Furthest Right

A Potemkin village of individual delusions


When a Russian general wanted to fool an Empress, he constructed fake villages that showcased an idyllic life for their inhabitants and concealed the less pleasant actuality. Culturally, the world has accepted a Potemkin village as the concept that those in power can craft a fake reality in order to dissuade oversight.

However, we live in a postmodern age. Starting with Nietzsche’s critique of language in On Truth and Lies in a Non-Moral Sense, and accelerating through French interpretations of that idea, postmodernism is defined by the lack of a narrative. There is no one truth. There is no king. There is no culture. There is only personal whim and group need.

What makes this fascinating is that it induces us to create our own Potemkin villages. Like a good salesperson, the postmodern state tells us all about our “freedom.” This fills our heads with visions of joys, pleasures and distractions. We then do what we are told is necessary in order to achieve that end.

As time goes on, we realize this world is a Potemkin village in that it is false functionality that isn’t even needed. To include everyone at the office, we have divided jobs into tiny roles. Because we have made tons of regulations, so that anyone can just follow the instructions and do almost any job, it is a mind-numbing maze of the stuff that makes life least fun: paperwork, explaining difficult concepts to disinterested people, confrontation, waiting. How many of these jobs are necessary? How many could we combine into one, and send everyone else home? And yet money is freedom, so we all want them, which makes them pay less and thus, makes each one require less engagement from us.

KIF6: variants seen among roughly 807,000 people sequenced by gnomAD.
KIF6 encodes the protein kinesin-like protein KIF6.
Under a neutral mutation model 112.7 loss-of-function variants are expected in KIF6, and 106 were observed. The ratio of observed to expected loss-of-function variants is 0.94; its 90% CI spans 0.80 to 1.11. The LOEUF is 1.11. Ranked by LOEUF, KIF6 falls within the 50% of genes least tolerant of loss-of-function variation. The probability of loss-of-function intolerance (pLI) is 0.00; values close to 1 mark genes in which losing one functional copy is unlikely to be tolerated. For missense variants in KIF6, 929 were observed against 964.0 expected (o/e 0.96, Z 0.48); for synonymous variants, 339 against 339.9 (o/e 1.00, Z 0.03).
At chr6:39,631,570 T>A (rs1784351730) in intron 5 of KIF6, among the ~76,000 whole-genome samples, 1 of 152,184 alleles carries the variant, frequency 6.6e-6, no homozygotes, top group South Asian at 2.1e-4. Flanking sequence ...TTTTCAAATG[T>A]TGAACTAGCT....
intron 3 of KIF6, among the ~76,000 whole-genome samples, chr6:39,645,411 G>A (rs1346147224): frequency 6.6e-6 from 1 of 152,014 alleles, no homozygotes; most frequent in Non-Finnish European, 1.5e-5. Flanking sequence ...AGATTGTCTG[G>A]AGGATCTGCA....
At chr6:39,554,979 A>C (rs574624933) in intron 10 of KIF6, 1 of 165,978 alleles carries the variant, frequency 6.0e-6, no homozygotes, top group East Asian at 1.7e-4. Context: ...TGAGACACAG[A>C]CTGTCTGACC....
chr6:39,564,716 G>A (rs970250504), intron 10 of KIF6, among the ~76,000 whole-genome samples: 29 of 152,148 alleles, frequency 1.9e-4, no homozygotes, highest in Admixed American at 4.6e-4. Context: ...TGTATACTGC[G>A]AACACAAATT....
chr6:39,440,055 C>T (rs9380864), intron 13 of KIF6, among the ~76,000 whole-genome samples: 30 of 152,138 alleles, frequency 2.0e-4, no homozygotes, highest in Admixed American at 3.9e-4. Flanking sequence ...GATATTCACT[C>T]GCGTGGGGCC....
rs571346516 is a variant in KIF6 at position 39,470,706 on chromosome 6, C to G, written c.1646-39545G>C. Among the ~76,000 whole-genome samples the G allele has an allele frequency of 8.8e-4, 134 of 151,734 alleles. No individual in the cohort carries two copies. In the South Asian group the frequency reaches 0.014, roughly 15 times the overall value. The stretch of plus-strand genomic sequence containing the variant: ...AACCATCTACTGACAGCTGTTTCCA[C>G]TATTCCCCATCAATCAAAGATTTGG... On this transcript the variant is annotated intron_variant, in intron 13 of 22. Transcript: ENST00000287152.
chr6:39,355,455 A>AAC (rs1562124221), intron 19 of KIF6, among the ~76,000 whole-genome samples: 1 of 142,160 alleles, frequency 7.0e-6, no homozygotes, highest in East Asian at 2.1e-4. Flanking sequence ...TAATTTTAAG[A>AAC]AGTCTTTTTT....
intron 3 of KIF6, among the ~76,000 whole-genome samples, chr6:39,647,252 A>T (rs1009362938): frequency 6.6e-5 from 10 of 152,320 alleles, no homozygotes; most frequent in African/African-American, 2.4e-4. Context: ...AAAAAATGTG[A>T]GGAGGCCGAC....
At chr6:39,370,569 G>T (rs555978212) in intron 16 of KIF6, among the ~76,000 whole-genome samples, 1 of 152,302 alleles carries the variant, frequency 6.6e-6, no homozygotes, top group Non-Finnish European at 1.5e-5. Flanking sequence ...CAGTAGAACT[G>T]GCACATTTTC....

What about our great society? Its art is a wasteland. Its culture is products for the distracted. While there are many good people out there, they appear as a minority while we circumnavigate the selfish, distracted, delusional, resentful and hopeless cases who wander around like ghosts. Where are the great joys of this life? Were all of those good things part of the Potemkin village?

Yes: they got us to look in the wrong places. Joy does not come from social interaction, nor from owning things. Work is not what other people tell you to do, but what you notice needs doing. Public behavior is not about what you can get, or get away with, but how to make sure you get what you give, and thus that you give enough to have goodwill wherever you go.

Once upon a time, we had a single society. Appearance fit reality because the purpose of that society was to tie parts of reality together using concepts of divinity and natural order. Then our egos rose up, and we decided that we wanted no order to rule over us, even a natural and detached one, and so we came up with a civilization based on every person doing what they want. We sold it to each other with Potemkin images, symbols, language and concepts.

It ended up being fake like all other such illusions. We believed because we wanted to, and now in the span of only two centuries we have seen our societies go from elegant to crass, our people from stout-hearted to craven and resentful, and our daily experience of life from real to a fake and meaningless repetition. Clearly, we outsmarted ourselves.

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